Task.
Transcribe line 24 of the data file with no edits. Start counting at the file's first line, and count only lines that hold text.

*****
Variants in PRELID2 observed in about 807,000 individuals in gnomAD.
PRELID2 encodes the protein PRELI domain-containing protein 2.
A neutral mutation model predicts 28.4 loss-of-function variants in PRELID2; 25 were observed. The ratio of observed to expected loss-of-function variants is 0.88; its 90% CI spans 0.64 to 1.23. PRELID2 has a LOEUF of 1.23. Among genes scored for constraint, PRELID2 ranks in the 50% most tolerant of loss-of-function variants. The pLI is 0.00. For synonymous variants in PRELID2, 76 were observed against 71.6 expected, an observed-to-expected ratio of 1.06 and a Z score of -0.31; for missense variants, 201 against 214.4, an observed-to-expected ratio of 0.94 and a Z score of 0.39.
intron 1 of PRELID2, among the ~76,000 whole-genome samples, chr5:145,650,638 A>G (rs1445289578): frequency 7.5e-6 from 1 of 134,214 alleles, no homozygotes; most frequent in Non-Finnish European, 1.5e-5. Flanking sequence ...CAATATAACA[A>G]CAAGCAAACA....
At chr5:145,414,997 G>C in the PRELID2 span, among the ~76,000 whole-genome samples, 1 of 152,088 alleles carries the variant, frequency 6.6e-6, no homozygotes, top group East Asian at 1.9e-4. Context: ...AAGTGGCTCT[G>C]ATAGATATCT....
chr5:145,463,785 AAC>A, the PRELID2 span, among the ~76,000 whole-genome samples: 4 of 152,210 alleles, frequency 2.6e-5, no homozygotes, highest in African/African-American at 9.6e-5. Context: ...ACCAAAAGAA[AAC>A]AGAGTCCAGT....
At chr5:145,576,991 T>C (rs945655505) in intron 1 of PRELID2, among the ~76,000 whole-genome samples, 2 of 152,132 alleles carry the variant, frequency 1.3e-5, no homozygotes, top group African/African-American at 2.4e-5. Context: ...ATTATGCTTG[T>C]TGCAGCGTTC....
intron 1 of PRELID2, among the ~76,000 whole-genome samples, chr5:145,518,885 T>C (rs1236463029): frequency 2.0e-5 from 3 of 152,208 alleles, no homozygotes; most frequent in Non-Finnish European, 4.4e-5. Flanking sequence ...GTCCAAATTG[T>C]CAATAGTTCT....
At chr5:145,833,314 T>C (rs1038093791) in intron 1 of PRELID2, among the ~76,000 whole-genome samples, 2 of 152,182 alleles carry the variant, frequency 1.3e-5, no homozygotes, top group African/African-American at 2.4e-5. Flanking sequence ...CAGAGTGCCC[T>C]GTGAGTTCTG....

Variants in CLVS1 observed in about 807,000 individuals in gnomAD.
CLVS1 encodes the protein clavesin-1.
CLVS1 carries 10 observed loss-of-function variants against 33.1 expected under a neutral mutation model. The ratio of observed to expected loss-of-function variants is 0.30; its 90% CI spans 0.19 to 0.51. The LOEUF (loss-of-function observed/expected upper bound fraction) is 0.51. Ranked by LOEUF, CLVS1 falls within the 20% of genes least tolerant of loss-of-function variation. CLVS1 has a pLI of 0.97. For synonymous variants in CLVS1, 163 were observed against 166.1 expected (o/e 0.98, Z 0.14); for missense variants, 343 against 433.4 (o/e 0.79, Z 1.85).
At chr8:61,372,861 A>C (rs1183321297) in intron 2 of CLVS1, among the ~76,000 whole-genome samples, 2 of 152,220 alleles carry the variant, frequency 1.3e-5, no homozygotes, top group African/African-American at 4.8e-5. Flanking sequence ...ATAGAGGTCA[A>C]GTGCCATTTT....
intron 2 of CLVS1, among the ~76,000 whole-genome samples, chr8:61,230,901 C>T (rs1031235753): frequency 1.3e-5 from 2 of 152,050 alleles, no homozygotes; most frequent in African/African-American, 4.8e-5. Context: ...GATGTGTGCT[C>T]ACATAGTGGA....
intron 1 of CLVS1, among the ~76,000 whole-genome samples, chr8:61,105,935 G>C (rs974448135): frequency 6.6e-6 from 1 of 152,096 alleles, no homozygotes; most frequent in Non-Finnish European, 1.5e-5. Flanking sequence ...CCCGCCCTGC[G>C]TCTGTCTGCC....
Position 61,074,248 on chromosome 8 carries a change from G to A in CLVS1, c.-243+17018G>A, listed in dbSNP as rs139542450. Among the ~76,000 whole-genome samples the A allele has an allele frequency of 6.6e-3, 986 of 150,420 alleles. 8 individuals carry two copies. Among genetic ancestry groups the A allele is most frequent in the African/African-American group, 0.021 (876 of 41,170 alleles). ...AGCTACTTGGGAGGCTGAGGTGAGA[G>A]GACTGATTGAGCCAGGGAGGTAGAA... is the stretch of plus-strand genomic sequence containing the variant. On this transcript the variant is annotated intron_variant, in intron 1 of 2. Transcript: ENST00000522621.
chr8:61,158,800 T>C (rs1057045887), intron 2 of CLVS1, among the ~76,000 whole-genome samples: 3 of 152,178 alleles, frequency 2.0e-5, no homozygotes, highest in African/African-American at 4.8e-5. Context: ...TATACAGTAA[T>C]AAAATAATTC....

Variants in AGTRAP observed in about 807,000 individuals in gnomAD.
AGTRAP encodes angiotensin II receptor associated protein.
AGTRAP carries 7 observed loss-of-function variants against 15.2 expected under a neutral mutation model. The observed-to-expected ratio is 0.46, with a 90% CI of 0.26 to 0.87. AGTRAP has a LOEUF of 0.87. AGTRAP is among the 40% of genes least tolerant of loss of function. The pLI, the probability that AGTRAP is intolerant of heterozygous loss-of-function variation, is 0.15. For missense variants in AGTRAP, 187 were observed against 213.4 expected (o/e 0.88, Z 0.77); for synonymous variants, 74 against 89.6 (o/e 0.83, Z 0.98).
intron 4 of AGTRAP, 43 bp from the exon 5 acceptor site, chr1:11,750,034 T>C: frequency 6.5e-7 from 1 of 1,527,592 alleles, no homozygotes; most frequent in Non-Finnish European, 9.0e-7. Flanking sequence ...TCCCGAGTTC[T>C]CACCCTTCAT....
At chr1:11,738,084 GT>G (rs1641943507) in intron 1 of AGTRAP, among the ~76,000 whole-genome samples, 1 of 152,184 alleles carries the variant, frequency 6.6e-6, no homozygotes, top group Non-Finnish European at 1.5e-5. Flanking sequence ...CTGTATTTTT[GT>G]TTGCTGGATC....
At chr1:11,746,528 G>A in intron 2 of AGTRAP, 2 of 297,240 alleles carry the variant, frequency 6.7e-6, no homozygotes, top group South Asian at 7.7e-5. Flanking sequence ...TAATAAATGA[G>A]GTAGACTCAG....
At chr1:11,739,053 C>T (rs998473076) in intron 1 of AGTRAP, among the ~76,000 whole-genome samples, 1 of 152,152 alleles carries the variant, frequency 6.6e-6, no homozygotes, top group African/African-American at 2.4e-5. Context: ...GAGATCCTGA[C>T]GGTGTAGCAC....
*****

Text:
At chr1:11,739,053 C>T (rs998473076) in intron 1 of AGTRAP, among the ~76,000 whole-genome samples, 1 of 152,152 alleles carries the variant, frequency 6.6e-6, no homozygotes, top group African/African-American at 2.4e-5. Context: ...GAGATCCTGA[C>T]GGTGTAGCAC....